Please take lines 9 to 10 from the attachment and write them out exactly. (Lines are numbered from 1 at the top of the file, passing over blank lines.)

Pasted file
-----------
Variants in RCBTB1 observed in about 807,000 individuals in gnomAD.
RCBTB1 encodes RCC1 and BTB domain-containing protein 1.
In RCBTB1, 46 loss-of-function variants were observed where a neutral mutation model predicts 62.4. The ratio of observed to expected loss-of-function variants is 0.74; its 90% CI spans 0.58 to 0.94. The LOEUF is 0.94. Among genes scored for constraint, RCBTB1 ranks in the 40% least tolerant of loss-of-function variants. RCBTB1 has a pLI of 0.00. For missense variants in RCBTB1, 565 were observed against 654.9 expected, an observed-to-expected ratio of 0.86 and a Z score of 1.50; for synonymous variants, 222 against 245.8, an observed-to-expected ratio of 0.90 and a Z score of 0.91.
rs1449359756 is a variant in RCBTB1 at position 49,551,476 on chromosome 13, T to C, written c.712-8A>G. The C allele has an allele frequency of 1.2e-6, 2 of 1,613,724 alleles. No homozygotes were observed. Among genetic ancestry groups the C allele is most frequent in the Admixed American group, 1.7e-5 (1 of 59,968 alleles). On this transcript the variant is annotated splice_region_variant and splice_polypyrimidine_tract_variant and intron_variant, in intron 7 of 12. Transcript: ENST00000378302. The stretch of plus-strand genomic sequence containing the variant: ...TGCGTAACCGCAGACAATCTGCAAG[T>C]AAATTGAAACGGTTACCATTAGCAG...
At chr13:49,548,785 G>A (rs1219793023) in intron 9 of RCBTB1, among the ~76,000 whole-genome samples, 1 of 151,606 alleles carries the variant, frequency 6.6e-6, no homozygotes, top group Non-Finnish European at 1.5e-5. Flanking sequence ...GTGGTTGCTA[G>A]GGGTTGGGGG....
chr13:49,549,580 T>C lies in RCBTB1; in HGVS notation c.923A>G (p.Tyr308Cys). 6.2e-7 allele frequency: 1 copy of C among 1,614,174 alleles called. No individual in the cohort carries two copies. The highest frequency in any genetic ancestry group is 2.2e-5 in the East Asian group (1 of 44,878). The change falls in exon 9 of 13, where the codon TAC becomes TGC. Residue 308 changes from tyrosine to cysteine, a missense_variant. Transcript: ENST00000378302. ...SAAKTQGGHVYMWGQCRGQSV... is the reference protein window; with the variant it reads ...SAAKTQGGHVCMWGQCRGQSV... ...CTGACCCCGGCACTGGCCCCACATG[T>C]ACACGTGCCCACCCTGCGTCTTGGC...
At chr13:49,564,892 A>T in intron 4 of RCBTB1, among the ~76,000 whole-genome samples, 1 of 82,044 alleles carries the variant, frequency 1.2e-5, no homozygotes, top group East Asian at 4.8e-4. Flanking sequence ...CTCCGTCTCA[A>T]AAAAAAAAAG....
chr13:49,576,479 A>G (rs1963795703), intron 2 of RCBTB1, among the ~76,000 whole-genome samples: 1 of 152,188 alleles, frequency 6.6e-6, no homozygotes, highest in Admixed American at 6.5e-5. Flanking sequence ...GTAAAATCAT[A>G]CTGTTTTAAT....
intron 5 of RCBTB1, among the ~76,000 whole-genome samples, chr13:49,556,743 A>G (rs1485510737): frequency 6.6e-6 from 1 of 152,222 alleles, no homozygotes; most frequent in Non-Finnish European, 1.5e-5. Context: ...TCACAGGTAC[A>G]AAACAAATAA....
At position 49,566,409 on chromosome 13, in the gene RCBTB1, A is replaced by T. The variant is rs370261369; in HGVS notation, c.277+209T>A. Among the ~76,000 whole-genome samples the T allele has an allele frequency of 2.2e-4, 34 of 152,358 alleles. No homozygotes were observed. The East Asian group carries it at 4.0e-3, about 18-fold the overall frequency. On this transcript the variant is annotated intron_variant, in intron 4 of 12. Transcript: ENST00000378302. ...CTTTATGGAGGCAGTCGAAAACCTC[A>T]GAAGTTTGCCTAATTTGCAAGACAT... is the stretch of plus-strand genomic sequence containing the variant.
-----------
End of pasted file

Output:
intron 5 of RCBTB1, among the ~76,000 whole-genome samples, chr13:49,556,743 A>G (rs1485510737): frequency 6.6e-6 from 1 of 152,222 alleles, no homozygotes; most frequent in Non-Finnish European, 1.5e-5. Context: ...TCACAGGTAC[A>G]AAACAAATAA....
At position 49,566,409 on chromosome 13, in the gene RCBTB1, A is replaced by T. The variant is rs370261369; in HGVS notation, c.277+209T>A. Among the ~76,000 whole-genome samples the T allele has an allele frequency of 2.2e-4, 34 of 152,358 alleles. No homozygotes were observed. The East Asian group carries it at 4.0e-3, about 18-fold the overall frequency. On this transcript the variant is annotated intron_variant, in intron 4 of 12. Transcript: ENST00000378302. ...CTTTATGGAGGCAGTCGAAAACCTC[A>T]GAAGTTTGCCTAATTTGCAAGACAT... is the stretch of plus-strand genomic sequence containing the variant.